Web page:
Still. I do not think that that would render the re-issued bonds invalid. I have not thought it necessary to take further time for the purpose of giving my general views in relation to the validity of these bonds. If I took more time, and looked into the case more fully. I might go more into detail than I have; but the equity of the holders of these bonds does seem so strong that no court. unless under a sort of moral or legal compulsion, would feel inclined to say, under all the circumstances of this case, that these bonds were invalid. Having been issued for so long a time, the interest on them having been paid, and their validity having been recognized again and again in after years by the city authorities. it does seem as though it is too late now, under all the circumstances of this case, for the city to question their validity. I therefore hold that they are valid. and the city is liable. It has issued the bonds, obtained the money and the benefits it has conferred, and law and equity declare that the debt should be paid.
STEBBINS t1. THII BOARD OF COUNTY COMMISSIONERS OF PUEBLO COUNTY. (Jourl, D. (JoZorado.
and explaining a prior statute is valid, in transacti<:ms are concerned.
statute construIng far, at least, as future
statute authorizing counties to take stock in railroads is applicable to .. railroad duly organized under a subsequent statute.
8TEBBINS V. COMMISSIONERS OJ' PUEBLO COUNTY.
road called the Pueblo & Salt Lake Railroad, or some such name as that, that were issued in 187&.. The defence to them is that the county had no authority to mbscribe to stock in any railroad at that time. An act of the territorial legislaauthorize counties to take stock in railroad ture of 1868 companies. but the argument is, and the plea is, that at that time there existed no law by which any railroad company conld ,be organized in the manner that this company has been organized; that the act of congress of March 2, 1867, im- . pliedly forbade such organization; and probably that is a. fair construction of that act. But, by a subsequent act of 1872, congress, as the defendant alleges, undertook to construe that act, and in their construction of it they declare that it should be held to extend to the right to organize road companies. It is denied that congress has any right to give a construction to the statute which will bind the court, and therefore that act of 1867 remains, and this railroad has no competent organization which will enable it to take subscriptions to stock. But, in a case which came up concerning taxation under the internal revenue law, whieh I decided myself in the supreme court, a very similar statute, construing a former statute, is made the subject of consideration, and in that case the court held that, while it might not be true that rights existing prior to the explanatory or deelar'atory statute will be affected by that declaratory statute, yet, inasmuch as congress or any legislative body has a right to pass a law for the future that such a. statute shall be held to mean so and 80, while it may not affect past tranBttctions, it is equivalent to the passage of a statute of that character for the futUl;e; and, while i. is not necessary for us to decide here whether that declaratory statute would affect any contracts or transactions prior to its passage, it is sufficient to say that after its passage it became a. part of the law of 1867, and it was a declaration by congress that railroad companies might be organized in the manner that this was organized, after that period. That was passed in 1872, and this coTT"\oration filed its certificate of organization in 1873; it therefore was organized after the declaratory act, and, so far as that is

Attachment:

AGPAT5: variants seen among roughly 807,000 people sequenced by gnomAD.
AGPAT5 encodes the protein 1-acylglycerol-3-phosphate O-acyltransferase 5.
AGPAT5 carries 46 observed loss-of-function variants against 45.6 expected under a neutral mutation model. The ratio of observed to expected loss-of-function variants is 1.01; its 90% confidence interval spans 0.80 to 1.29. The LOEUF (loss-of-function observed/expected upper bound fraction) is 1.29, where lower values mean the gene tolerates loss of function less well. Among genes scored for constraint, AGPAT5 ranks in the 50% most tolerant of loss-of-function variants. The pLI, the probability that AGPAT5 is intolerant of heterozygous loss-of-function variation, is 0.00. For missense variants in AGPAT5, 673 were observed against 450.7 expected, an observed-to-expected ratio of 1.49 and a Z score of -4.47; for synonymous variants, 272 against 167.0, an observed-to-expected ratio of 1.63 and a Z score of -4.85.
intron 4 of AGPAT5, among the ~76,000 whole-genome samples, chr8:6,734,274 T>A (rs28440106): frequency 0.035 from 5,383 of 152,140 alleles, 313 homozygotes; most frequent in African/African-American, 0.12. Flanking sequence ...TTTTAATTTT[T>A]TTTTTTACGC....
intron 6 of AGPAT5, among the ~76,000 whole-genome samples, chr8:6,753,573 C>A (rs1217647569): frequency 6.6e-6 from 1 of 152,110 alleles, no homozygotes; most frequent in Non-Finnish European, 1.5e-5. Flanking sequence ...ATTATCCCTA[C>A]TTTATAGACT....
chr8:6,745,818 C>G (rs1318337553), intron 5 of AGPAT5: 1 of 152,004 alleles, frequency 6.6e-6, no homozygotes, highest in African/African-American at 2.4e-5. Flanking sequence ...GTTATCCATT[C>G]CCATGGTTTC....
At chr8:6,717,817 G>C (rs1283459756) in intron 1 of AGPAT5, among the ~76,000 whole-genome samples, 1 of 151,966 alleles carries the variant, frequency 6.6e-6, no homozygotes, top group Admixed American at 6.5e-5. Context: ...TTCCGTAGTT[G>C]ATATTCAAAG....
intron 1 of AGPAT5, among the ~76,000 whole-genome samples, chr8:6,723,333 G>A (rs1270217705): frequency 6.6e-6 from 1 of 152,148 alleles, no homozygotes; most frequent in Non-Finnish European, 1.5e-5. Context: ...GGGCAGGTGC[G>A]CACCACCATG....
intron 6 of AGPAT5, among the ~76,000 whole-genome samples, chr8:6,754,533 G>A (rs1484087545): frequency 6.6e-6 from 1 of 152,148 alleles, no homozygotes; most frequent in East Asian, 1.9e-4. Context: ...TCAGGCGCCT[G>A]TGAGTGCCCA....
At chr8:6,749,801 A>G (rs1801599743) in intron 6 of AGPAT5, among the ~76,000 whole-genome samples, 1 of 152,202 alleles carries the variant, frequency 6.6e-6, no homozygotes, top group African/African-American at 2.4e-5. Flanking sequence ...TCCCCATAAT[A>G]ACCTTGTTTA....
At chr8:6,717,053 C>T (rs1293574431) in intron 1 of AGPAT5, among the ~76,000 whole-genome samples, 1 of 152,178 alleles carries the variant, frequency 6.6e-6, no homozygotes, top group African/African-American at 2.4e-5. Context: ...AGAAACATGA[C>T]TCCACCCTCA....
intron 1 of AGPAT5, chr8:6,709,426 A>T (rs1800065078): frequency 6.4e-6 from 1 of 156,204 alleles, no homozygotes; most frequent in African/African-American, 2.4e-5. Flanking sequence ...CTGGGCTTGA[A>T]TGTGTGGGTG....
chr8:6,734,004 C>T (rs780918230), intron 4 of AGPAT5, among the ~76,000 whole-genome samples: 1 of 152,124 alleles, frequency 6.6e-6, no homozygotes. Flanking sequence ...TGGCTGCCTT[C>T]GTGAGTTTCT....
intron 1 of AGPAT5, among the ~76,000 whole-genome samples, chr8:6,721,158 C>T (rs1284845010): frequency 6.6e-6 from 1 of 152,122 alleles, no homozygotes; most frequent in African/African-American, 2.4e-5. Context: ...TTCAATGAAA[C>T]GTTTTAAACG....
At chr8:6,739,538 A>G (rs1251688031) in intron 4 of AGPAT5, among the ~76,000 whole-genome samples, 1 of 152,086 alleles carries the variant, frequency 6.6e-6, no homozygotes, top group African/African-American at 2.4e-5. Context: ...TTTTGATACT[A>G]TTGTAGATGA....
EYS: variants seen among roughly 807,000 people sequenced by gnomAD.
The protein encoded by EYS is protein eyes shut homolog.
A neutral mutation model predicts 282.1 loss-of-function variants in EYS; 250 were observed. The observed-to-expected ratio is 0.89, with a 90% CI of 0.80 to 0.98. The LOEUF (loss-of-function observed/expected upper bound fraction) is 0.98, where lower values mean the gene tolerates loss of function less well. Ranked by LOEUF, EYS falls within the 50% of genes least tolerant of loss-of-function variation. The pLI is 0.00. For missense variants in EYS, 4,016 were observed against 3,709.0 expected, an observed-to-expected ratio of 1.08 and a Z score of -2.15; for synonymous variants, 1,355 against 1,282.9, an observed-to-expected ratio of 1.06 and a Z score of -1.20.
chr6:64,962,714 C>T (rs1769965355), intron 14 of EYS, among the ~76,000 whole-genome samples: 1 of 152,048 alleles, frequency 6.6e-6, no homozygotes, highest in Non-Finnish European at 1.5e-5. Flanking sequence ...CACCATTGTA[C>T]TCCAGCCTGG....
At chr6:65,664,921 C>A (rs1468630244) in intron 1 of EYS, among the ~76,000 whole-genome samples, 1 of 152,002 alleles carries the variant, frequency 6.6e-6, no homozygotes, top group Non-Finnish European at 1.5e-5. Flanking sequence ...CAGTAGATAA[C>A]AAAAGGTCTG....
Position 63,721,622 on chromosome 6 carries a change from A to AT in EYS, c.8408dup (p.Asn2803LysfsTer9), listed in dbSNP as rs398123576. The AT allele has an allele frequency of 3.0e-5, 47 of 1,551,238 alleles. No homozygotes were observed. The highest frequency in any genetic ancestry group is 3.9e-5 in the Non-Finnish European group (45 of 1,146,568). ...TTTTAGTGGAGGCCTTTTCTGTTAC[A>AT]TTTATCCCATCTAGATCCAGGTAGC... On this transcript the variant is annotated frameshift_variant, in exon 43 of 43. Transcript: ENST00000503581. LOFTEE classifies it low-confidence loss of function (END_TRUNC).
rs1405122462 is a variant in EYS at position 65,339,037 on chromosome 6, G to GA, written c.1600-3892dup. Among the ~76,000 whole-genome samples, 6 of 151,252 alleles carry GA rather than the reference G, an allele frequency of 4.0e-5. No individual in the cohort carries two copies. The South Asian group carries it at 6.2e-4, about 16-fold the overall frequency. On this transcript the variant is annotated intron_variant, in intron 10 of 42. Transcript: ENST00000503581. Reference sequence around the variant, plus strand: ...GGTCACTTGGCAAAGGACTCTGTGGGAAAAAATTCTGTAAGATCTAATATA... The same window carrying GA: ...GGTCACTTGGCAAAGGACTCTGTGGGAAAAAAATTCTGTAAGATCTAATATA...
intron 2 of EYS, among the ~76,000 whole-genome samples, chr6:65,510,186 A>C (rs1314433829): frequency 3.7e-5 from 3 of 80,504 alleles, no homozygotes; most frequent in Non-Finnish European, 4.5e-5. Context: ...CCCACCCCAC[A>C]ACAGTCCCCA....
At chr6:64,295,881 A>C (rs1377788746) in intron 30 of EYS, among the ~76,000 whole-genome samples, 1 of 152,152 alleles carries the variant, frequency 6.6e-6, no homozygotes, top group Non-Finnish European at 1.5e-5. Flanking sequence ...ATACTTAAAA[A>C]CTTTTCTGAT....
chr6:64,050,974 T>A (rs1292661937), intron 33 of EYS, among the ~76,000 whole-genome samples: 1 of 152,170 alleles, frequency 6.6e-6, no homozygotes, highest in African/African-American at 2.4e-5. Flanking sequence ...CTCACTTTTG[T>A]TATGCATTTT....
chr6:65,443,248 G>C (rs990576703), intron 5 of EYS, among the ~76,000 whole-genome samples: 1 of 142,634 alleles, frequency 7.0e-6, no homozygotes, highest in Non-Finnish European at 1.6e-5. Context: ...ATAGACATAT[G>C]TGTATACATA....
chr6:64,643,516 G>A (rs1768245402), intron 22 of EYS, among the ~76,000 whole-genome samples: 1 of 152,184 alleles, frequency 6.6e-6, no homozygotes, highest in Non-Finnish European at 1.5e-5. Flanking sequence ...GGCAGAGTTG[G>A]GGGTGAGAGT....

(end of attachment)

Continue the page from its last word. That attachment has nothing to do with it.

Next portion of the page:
concerned, or any other that I know of, it was a valid organization. It is said, nevertheless, that the act of 1868, which authorized the counties to take stock in railroads, was wholly void, b.ecause this railroad was not organized according to the law actas it then stood; but that act of 1868 was a was not made with reference to this. There were railroad corporations then in existence to whom it might apply, and it would apply to any future railroad corporation properly organized. Therefore, that act of 1868 authorized the county of Pueblo to subscribe to the stock of a railroad properly or· ganized in 1873; as it did at the time, 1874. I think, therefore, all the objections taken to the bonds on account of the invalidity of the subscription are ineffectual; and as that is the only question, the demurrer will be sustained, and plea held bad. An appeal has been taken from this ruling to the United States supreme court.
WESTERN UNION TELEGRAPH
Co. t1. KANSAS Co. and others.
(District (Jourt, D. (Jolorado.
railroad, authorized and reqUired by the act of its organization to construct a telegraph line, entered into a contract with a telegraph company for the construction of such line. Held, such contract could not be avoided by the railroad company, either as a usurpation of its function or for want of capacity to make it. clause of such contract contained an agreement, upon the part of the railroad company, not to transport men or materials for any other telegraph company at les3 than the regular rates for passengers and freight, and not to give permission to any such company to erect another line on its lands or roadway. Held that, if such clause was void, as in conflict with the act of 1866, aiding the construction of telegraph linea, it could be I eliminated from the contract.